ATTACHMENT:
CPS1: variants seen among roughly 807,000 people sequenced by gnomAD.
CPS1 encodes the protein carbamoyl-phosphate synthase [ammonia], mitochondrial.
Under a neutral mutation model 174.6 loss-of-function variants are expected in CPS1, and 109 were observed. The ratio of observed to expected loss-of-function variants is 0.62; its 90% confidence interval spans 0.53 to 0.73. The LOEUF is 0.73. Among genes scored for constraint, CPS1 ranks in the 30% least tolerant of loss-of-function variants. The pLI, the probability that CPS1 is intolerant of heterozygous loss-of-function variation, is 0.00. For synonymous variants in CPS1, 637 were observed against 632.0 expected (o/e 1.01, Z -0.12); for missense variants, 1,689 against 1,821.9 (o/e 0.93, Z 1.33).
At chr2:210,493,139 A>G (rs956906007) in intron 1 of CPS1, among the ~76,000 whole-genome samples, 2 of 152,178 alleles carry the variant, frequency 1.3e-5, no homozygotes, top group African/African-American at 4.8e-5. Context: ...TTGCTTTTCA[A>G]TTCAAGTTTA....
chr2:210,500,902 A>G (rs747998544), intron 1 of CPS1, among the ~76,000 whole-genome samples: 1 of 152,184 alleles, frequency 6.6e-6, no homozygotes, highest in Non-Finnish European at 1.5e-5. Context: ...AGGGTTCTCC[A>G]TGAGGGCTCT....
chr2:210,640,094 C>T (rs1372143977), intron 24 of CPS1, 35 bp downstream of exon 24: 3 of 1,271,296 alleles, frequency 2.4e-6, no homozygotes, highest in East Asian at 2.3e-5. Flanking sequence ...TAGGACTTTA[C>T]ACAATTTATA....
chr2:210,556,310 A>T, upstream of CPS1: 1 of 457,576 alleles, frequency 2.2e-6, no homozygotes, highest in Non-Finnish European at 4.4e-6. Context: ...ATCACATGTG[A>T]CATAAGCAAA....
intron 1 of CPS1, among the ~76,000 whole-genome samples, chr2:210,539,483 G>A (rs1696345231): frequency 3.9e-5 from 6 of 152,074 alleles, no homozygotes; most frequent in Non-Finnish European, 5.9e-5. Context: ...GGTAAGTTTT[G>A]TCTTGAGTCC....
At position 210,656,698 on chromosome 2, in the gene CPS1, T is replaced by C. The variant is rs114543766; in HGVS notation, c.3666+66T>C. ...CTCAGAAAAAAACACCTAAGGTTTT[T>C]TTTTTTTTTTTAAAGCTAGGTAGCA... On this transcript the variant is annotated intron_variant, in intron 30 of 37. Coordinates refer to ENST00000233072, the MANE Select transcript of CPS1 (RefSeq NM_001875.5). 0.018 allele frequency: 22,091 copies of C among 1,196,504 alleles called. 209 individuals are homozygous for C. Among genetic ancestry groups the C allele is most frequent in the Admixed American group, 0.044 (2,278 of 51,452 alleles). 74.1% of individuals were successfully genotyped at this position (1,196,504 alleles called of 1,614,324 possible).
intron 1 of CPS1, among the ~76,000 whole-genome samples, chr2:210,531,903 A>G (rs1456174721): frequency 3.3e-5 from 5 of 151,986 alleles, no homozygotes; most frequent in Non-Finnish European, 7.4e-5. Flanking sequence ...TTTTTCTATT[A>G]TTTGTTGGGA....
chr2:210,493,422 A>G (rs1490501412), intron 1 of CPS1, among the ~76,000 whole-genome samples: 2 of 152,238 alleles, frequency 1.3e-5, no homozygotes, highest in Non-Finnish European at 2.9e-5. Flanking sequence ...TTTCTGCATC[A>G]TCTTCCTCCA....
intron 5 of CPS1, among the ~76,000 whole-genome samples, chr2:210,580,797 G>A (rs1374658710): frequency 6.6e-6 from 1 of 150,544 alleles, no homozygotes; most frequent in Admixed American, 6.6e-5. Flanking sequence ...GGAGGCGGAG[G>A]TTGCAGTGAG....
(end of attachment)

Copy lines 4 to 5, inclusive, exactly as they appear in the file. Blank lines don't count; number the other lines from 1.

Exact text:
At chr2:210,493,139 A>G (rs956906007) in intron 1 of CPS1, among the ~76,000 whole-genome samples, 2 of 152,178 alleles carry the variant, frequency 1.3e-5, no homozygotes, top group African/African-American at 4.8e-5. Context: ...TTGCTTTTCA[A>G]TTCAAGTTTA....
chr2:210,500,902 A>G (rs747998544), intron 1 of CPS1, among the ~76,000 whole-genome samples: 1 of 152,184 alleles, frequency 6.6e-6, no homozygotes, highest in Non-Finnish European at 1.5e-5. Context: ...AGGGTTCTCC[A>G]TGAGGGCTCT....